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Drawing of a Japanese temple

Big in Japan

Dürr employees from Germany and Japan have jointly mastered a challenging technical project. Karaoke also contributed to the understanding between the cultures.

Ulrich Noé is a man for difficult cases. As a senior project manager, he does not shy away from challenging major projects. His work for Dürr has already taken him to Japan several times. However, he and his team members were faced with one project that presented them with new technical and cultural challenges.

Dürr was to build a complete painting line for an automotive manufacturer in Japan. For the Japanese colleagues around Junichi Saito and Shingo Hirata, the scope of the order was a first. Dürr had already completed major projects of this kind in many countries around the world — but never before in Japan. A team from Germany was therefore sent to provide on-site support. 

Germans can be very direct sometimes. I had to translate that into a less direct language.

Junichi Saito, Sales Director at Dürr Japan

COVID got in the way of the travel plans

Normally, the employees on the construction site can look forward to a trip home to see family and friends every six to eight weeks. During this time, they are replaced by suitable colleagues. However, severe restrictions during the coronavirus pandemic made this difficult. Travel restrictions prevented both scheduled rotations and multiple entries and exits. As a result, Noé and two of his German team members stayed in Japan for six months. This intense time strengthened mutual understanding and relationships between colleagues from both countries.

Saito joined Dürr Japan in 2019 and works there as a sales director. He was the crucial link to the customer in the project. He knows Germany from several visits and has found the people to be very interested in culture and history — and even discovered his enthusiasm for blood sausage, as he says with a smile. When it comes to professional life, he appreciates the reliability and technical expertise of the Germans, who, in his experience, are also very efficiency-oriented.

“The Japanese are really enthusiastic about technology and want to understand everything from the ground up,” says Noé. At every step, they want to see if something works and, more importantly, how it works. The Japanese’s understanding of details is a great advantage, as it constantly creates innovations or improves existing products — making Japan’s industry one of the best in the world. 

The Japanese are really enthusiastic about technology and want to understand everything from the ground up.

Ulrich Noé, Senior Project Manager at Dürr

Safety first

The Japanese also pay attention to detail when it comes to safety. Every single aspect is described in pictures and must be followed. To this end, safety drawings in the style of manga comics were prepared for all transportation and work steps, and these drawings had to be approved by the customer. “If the details of the drawing don’t match those of the construction site, work is sometimes stopped,” recalls Noé.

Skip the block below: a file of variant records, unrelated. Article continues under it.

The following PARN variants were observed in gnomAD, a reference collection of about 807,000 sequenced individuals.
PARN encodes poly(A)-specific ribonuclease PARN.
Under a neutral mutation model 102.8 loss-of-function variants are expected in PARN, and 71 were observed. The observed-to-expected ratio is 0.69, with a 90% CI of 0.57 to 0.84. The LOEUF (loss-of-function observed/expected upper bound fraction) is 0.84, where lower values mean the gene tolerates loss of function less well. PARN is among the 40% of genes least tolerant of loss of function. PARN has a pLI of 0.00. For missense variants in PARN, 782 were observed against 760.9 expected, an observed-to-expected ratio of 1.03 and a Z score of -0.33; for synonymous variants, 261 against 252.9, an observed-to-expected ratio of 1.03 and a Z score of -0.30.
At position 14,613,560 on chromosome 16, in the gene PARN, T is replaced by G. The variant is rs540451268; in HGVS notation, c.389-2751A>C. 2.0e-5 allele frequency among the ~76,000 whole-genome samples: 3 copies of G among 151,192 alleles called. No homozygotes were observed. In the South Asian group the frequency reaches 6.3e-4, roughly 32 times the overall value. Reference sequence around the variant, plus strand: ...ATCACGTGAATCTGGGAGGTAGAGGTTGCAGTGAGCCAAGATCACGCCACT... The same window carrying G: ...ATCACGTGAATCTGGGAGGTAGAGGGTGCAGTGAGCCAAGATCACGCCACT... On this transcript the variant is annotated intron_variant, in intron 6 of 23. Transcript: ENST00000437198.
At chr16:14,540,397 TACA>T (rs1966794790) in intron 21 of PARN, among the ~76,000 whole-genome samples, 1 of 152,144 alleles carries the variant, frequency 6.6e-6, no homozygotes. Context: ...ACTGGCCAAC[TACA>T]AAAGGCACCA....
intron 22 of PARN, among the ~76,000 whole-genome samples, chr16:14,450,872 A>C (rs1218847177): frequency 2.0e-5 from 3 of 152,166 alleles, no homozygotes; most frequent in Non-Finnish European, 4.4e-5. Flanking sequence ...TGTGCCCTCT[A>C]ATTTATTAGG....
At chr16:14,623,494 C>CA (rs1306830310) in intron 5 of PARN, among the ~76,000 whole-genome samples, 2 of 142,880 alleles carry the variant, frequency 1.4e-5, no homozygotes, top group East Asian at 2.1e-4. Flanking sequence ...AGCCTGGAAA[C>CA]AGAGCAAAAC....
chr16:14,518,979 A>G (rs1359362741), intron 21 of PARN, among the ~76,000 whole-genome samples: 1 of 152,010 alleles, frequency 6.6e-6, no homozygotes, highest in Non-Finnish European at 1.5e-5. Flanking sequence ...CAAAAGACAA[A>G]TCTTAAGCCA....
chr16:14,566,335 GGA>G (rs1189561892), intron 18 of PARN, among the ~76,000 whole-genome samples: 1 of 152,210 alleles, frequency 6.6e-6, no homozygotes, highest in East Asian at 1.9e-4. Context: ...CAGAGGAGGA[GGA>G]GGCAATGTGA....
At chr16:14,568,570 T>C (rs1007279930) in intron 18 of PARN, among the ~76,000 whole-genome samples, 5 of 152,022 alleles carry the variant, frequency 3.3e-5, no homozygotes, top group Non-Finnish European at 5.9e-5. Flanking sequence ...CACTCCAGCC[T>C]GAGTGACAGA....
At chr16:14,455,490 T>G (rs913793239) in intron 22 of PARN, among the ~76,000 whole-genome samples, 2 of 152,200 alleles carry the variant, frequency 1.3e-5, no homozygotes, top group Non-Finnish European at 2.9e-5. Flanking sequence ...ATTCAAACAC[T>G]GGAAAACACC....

In Japan, the customer sets the pace. “It can sometimes be difficult when you can’t discuss things on an eye-to-eye level but can only make recommendations.” This was also a challenge for Saito. “In Japan, when the customer decides something, then that’s the way it is. My German colleagues didn’t always understand that,” he explains. He often had to mediate. “I said: ‘If you have a problem, come to me and I will talk to the customer.' Germans can be very direct sometimes. I had to translate that into a less direct language.”

Karaoke was a great help in making contact with the Japanese colleagues and the customer. “I didn’t expect this, but for me it was the only way to get to know people outside of work,” says Noé. The Japanese work hard, often twelve hours or more a day. “But they relax in the karaoke bar.” Saito agrees that karaoke brought the project participants closer together: “I’m certainly not a gifted singer, but karaoke is a great way to strengthen personal relationships,” he says.

Catchy tunes from the record player

Noé specialized in songs by Elvis Presley and Frank Sinatra. But the German 1970s band Dschinghis Khan is also popular in Japan. And when the opportunity arose, he sang the classic Alphaville song “Big in Japan” — even though it is hardly known in the country, as Saito points out. Upon his return to Germany, Noé bought his own karaoke set. “Singing gives you back your energy,” he says. “That’s one of the many insights I brought back from Japan.”

For this successful project, the team was presented with the Heinz Dürr Award in the “Customer Experience” category in 2022. The German and the Japanese colleagues also gained many insights into each other’s cultures. The customer was satisfied with the German-Japanese team as well — a second painting line has already been ordered.


Big Echo
This karaoke chain has numerous locations across Japan and offers a large repertoire of English and Japanese songs.

A lively atmosphere and a wide selection of songs await karaoke singers at KaraokeKan. It is among the oldest and best-known karaoke chains in Japan.

Uta Hiroba
Uta Hiroba can also be found in many cities. Here, singing can be enjoyed in modern spaces and with the help of high-quality audio equipment.

Martina Bausch
Officer Online Magazine
Corporate Communications & Investor Relations
Dürr Aktiengesellschaft
Carl-Benz-Str. 34
74321 Bietigheim-Bissingen

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